I finally received a brief response back from the SSPX Headquarters in the US. The response said that they are aware of the story and are attempting to verify the facts. They believe the facts are being misrepresented at this time. Those who witnessed this event really need to forward their accounts to the SSPX, especially Bishop Fellay.

Don Paco said...

If anyone is interested in me giving more details (although I pretty much gave all the details I could give), they can just contact me here (at the email address on the sidebar).

Anonymous said...

The SSPX posted a response on their website yesterday. They deny that they were protesting the event. They said they were just there to pray the Rosary for the event. There response is very superficial and leaves lost of holes:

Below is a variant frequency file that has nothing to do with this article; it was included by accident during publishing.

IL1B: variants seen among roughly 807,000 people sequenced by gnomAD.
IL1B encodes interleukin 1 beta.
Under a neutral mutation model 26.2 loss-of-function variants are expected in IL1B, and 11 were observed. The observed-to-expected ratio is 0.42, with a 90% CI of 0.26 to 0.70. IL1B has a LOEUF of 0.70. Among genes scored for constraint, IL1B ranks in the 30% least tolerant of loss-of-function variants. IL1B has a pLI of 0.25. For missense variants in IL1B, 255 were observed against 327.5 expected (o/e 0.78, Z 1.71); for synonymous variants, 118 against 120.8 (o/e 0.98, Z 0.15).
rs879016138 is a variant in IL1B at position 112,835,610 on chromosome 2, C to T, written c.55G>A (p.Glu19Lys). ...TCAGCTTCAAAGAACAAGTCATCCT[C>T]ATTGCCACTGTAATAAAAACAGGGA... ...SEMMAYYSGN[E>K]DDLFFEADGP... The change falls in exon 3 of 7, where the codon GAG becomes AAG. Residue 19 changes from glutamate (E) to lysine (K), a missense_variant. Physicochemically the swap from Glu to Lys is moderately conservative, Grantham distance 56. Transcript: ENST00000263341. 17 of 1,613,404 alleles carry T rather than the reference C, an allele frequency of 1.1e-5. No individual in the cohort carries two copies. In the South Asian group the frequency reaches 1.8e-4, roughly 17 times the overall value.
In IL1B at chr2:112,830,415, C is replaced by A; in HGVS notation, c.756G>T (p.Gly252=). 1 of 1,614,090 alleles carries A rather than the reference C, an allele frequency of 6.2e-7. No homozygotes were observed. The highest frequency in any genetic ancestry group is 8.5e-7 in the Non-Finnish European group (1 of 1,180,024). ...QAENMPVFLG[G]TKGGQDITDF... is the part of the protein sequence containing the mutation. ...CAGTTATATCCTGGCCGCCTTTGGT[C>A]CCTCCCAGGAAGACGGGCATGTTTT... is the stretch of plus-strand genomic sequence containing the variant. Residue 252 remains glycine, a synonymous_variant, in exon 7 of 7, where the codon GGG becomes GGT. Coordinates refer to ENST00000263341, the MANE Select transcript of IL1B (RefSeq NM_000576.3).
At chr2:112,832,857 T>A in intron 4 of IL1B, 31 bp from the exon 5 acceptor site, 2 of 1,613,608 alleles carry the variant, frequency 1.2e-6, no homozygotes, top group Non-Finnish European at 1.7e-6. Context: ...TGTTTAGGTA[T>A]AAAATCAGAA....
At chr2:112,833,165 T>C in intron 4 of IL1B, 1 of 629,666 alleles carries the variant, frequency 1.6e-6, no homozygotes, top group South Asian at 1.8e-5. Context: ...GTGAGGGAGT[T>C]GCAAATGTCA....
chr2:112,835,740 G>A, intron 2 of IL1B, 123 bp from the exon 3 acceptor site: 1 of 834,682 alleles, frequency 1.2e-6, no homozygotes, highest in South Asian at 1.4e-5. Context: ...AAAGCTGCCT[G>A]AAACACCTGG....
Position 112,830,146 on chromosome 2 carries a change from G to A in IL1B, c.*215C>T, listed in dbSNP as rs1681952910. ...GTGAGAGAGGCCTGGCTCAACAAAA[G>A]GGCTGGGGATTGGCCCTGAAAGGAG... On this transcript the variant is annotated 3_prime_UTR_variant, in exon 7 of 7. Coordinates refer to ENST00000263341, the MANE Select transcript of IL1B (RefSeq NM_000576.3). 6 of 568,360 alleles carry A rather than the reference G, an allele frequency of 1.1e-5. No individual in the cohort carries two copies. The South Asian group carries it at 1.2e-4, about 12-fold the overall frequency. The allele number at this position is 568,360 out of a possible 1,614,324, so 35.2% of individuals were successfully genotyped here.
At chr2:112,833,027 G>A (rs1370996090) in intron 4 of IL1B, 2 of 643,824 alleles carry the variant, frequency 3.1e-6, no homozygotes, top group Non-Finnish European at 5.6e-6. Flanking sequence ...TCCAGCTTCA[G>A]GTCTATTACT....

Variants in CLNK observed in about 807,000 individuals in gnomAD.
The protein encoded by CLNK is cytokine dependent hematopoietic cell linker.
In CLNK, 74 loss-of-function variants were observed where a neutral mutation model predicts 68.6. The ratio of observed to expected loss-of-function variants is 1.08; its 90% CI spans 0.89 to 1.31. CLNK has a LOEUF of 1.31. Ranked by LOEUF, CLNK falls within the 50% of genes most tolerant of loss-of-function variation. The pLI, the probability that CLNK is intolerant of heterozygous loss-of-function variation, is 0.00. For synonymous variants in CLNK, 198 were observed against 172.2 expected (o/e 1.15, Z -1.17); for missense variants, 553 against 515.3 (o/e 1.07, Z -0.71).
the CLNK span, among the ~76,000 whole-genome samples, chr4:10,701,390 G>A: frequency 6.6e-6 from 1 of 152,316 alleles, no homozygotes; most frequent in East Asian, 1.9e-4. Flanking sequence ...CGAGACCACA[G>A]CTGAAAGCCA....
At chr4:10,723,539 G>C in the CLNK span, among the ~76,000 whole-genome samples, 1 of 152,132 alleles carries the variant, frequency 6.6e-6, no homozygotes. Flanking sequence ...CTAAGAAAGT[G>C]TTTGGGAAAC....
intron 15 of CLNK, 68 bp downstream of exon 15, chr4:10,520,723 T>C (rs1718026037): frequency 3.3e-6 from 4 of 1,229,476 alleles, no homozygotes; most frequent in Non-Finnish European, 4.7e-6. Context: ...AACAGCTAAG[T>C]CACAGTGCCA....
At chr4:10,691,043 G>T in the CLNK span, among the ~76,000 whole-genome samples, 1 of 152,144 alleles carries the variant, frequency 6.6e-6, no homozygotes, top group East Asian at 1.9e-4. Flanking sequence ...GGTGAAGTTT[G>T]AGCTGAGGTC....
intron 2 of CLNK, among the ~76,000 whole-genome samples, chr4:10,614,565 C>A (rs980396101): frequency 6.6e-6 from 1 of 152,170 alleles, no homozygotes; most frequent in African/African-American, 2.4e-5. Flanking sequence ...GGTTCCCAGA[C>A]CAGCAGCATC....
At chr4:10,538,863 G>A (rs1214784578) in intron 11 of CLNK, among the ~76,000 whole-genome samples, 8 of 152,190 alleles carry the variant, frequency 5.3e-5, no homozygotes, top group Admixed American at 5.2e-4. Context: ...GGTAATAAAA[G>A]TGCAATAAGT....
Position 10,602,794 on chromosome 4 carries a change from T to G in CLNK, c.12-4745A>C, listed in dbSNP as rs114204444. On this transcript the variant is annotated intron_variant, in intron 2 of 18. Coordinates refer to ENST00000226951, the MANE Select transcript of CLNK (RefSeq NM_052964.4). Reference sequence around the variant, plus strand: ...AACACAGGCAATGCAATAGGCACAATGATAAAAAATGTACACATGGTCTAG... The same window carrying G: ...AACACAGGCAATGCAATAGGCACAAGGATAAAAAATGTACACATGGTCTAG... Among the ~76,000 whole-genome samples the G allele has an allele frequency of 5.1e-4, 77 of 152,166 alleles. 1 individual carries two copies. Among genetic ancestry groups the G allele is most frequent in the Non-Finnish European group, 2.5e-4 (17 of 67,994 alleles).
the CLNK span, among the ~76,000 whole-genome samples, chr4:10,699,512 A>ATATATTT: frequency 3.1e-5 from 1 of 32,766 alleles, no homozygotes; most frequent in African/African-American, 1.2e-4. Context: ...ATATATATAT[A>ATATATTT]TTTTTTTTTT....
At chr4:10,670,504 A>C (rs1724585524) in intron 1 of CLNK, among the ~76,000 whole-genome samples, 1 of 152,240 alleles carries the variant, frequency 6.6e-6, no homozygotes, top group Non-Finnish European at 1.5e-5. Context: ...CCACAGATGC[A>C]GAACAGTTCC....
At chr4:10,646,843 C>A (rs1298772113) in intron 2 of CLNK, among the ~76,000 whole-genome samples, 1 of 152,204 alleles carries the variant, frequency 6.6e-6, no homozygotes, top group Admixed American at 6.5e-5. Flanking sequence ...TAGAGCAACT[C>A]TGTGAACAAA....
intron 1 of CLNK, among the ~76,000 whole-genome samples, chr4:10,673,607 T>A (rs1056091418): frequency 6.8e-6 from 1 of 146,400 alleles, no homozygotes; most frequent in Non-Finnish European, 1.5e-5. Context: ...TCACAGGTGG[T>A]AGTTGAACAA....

Anonymous said...

Wow! This gets wackier by the minute. The SSPX US District website added an additional note to their news brief on this event earlier in the day, further justifying what occurred in Mexico. Now this evening they have pulled the entire statement. I am not sure what that is about. Perhaps Bishop Fellay has gotten wind of the situation. I know I have sent emails trying to contact him myself. I did get an email through to Switzerland today. I guess we will see how this plays out.

Anonymous said...

After having first posted on the front page of the North American District's website, the SSPX buried their response on their website but it could still be found if you had the direct URL. Since then, I have received another email response from the SSPX which was a copy and paste of the following: